La Palma volcano’s underground vents are solidifying as lava dries up

By Marco Trujillo and Borja Suarez

LA PALMA, Spain (Reuters) – The underground conduits that feed lava from the Cumbre Vieja volcano in Spain’s La Palma island are solidifying, authorities said on Thursday, in a sign that the end of the three-month eruption could be announced by Christmas.

If seismic activity and other factors remain unchanged, La Palma authorities have set Dec. 24 as the day to declare the eruption is over.

“The emission of sulphur dioxide into the atmosphere, which was low yesterday, is not related to emerging magma, but to the solidification of existing magma in the vents,” Maria Jose Blanco, the director of the National Geographic Institute in the Canary Islands, said.

The eruption could be ending soon, but the emergency is far from over, as lava fumes could still be dangerous and some parts of the exclusion zone around the volcano are buried in ash that needs to be cleared.

Miguel Angel Morcuende, head of a task force set up to monitor the volcano, warned evacuees, who are now allowed to return to clean up their houses, that they should be cautious, especially those who live near the lava flows.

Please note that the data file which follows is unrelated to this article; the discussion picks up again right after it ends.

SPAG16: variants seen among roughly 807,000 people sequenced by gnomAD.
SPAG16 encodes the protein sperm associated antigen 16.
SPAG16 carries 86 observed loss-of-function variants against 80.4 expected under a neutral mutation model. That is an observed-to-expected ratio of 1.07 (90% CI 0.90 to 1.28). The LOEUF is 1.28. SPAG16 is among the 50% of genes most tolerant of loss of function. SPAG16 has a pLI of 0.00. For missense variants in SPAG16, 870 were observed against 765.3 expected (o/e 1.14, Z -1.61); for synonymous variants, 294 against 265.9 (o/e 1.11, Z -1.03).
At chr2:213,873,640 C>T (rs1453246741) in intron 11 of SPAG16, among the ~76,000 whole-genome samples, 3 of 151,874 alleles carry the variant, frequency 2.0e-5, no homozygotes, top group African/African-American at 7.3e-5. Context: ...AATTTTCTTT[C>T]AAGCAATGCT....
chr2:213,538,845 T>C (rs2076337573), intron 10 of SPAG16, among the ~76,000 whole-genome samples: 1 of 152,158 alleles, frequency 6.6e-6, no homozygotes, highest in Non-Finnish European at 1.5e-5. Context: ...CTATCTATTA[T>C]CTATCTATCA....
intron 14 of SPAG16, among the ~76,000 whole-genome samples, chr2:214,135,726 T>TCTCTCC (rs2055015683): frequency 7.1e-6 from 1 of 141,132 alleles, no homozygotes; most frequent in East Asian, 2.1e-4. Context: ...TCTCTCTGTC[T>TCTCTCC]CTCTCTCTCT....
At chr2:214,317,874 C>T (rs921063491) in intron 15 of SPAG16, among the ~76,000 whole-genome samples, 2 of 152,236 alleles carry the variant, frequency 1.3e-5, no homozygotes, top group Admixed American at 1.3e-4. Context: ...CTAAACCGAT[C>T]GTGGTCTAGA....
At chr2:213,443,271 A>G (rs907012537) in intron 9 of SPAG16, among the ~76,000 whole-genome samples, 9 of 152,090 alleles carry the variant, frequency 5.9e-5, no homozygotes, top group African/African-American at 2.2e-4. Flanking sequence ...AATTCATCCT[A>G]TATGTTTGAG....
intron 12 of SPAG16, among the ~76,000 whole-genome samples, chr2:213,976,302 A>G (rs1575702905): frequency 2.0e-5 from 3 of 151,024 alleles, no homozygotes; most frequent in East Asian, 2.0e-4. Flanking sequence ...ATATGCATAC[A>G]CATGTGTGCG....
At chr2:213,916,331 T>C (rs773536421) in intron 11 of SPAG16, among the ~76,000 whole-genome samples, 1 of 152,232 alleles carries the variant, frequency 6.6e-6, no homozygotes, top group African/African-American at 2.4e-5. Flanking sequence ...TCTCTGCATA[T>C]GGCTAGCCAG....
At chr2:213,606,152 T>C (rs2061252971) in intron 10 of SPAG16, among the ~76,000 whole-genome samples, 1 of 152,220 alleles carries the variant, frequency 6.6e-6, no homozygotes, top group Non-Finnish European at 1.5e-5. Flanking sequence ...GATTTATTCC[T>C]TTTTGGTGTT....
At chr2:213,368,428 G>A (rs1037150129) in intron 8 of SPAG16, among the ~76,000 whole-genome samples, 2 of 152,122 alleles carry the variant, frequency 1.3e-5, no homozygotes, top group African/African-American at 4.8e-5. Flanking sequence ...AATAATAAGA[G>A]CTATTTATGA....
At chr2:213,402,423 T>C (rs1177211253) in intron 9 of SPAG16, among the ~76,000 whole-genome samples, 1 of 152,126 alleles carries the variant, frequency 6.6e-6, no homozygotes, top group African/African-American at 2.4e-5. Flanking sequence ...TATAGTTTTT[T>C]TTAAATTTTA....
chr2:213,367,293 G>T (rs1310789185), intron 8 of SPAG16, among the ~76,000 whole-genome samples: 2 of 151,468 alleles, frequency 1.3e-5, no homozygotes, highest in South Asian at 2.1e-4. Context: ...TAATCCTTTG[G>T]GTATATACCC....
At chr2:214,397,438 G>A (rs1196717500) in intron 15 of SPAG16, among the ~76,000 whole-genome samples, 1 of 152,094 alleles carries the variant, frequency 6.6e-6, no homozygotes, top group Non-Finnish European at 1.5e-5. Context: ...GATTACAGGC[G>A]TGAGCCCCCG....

“They should not be alone, but with people to measure gas levels beforehand,” he said. “They should ventilate (their homes) for at least a quarter of an hour in order to release trapped gases.”

The 86-day eruption, which sent rivers of molten rock down the slopes of Cumbre Vieja and expanded the size of the island by more than 48 hectares, is the longest ever on La Palma, according to records dating back to the 16th century.

Thousands of people have been evacuated, at least 2,910 buildings have been destroyed and the island’s banana plantations, a major source of income, have been devastated.

(Writing by Emma Pinedo, editing by Inti Landauro and Giles Elgood)